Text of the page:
by Jon Sanders
Director of the Center for Food, Power, and Life, Research Editor, John Locke Foundation
Here are some things most people never hear about because it completely destroys any rational for forcing massively expensive changes (such as $369 billion to fight “climate change” in the “Inflation Reduction Act”) on American taxpayers and worse, their quality of life:
The U.S. has cut more CO2 emissions than any other nation, but China has increased its CO2 emissions by five times the amount cut by the U.S.
To reiterate, the U.S. has cut more CO2 emissions than any other nation, but China has increased its CO2 emissions by five times the amount cut by the U.S.
While the Biden administration forces over a third of a trillion dollars in new spending — in the midst of the worst inflationary cycle in almost half a decade, as if the president felt personally obligated to be even more foolhardy — China continues to expand its coal-fired electricity generating capacity by leaps and bounds, quickly obliterating any possible, conceptual benefit the U.S. could expect from all that spending.
One last thing: the reason CO2 emissions have been reduced so much in the U.S. vs. the rest of the world is not renewable energy mandates. It’s not what the Biden administration wants to force at enormous cost. It’s the byproduct of relative market freedom, property rights, and the restless entrepreneurial spirit. Market forces — technological change, consumer preferences, a growing service sector, and the shift to natural gas from coal thanks to fracking — are responsible. Renewable energy contributes so little to energy production (despite their rated capacities) as to be negligible.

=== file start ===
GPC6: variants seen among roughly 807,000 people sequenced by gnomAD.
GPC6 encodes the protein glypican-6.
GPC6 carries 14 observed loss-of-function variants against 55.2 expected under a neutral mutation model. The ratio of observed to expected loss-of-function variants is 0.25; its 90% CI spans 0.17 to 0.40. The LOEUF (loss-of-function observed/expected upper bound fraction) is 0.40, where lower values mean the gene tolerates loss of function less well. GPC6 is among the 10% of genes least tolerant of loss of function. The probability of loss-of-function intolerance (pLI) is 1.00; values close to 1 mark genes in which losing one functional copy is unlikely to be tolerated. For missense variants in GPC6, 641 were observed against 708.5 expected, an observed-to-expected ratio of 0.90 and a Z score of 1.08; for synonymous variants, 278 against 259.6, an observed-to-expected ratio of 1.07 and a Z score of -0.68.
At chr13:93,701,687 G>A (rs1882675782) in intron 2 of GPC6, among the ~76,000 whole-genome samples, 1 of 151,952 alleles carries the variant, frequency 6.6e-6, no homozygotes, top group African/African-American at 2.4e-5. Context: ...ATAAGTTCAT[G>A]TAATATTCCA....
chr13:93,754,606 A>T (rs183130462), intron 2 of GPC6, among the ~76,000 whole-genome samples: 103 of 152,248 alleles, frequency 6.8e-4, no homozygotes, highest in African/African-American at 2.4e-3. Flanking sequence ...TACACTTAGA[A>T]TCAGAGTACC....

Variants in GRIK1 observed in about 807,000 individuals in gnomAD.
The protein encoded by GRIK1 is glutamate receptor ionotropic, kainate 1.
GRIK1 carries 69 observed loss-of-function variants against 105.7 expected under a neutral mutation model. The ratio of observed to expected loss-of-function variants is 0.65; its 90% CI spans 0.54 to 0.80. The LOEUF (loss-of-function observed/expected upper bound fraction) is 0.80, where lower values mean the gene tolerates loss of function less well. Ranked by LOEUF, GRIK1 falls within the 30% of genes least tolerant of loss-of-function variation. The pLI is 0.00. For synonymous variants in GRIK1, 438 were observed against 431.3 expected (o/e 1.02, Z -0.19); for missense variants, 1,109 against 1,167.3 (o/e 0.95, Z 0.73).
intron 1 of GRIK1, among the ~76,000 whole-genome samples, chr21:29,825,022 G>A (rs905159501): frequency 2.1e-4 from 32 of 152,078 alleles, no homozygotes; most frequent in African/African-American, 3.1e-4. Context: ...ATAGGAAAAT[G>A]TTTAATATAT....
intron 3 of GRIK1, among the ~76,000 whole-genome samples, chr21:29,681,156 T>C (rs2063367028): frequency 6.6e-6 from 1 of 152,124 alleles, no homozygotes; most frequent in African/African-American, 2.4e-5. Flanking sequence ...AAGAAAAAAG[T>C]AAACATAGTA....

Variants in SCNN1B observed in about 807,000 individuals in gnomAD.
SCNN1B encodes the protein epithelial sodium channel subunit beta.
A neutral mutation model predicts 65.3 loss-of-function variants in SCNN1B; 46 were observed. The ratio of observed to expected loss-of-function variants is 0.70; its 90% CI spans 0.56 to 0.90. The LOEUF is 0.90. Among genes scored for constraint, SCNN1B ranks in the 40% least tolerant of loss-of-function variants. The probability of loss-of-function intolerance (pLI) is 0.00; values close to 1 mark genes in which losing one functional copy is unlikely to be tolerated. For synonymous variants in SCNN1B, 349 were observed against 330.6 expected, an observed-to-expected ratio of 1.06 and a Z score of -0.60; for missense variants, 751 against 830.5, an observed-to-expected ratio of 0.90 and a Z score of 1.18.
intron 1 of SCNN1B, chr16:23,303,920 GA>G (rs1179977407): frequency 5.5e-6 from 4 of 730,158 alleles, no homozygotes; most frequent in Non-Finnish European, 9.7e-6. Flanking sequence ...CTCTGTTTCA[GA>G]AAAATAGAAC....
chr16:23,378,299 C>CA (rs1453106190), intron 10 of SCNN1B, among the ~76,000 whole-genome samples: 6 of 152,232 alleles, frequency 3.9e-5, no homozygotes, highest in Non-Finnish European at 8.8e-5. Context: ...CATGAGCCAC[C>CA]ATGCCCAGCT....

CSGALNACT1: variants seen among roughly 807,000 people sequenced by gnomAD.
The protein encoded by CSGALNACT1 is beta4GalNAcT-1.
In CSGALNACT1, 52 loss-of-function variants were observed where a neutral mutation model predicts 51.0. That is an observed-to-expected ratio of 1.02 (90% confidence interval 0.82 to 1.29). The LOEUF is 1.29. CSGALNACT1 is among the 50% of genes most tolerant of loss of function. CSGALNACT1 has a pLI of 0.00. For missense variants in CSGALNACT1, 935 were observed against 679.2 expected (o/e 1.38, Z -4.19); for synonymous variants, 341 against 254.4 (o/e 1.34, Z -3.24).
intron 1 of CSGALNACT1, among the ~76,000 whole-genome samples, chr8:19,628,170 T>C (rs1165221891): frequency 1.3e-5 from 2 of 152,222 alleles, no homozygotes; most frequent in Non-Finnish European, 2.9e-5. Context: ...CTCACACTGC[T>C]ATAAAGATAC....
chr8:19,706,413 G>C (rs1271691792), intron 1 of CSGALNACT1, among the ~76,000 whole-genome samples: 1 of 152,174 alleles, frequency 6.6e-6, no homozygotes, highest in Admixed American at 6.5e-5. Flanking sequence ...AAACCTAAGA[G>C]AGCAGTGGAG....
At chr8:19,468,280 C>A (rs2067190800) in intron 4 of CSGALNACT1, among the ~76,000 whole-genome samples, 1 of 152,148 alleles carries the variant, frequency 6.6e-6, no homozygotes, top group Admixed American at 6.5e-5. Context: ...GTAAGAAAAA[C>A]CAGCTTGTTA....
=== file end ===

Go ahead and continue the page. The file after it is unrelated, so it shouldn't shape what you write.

“As wealth increases, one of the goods that people are prepared to buy is a cleaner environment.” — Julian Simon
Here are the ways those things contribute to reducing CO2 emissions by voluntary choices, rather than expensive government mandates:
What has happened was basically predicted by the late economist Julian Simon. He said the following in writing about pollution trends: “As wealth increases, one of the goods that people are prepared to buy is a cleaner environment.”
I explained in the report linked under “Market forces”:
Economists use something called the Environmental Kuznets Curve to describe this relationship. Initially developing economies necessarily produce greater pollution than the pre-existing state of nature. When societal wealth, life expectancies, and productivity reach a certain point, however, people begin valuing cleaner environments, while technological advances and post-development shifts in industry produce cleaner and more efficient outcomes.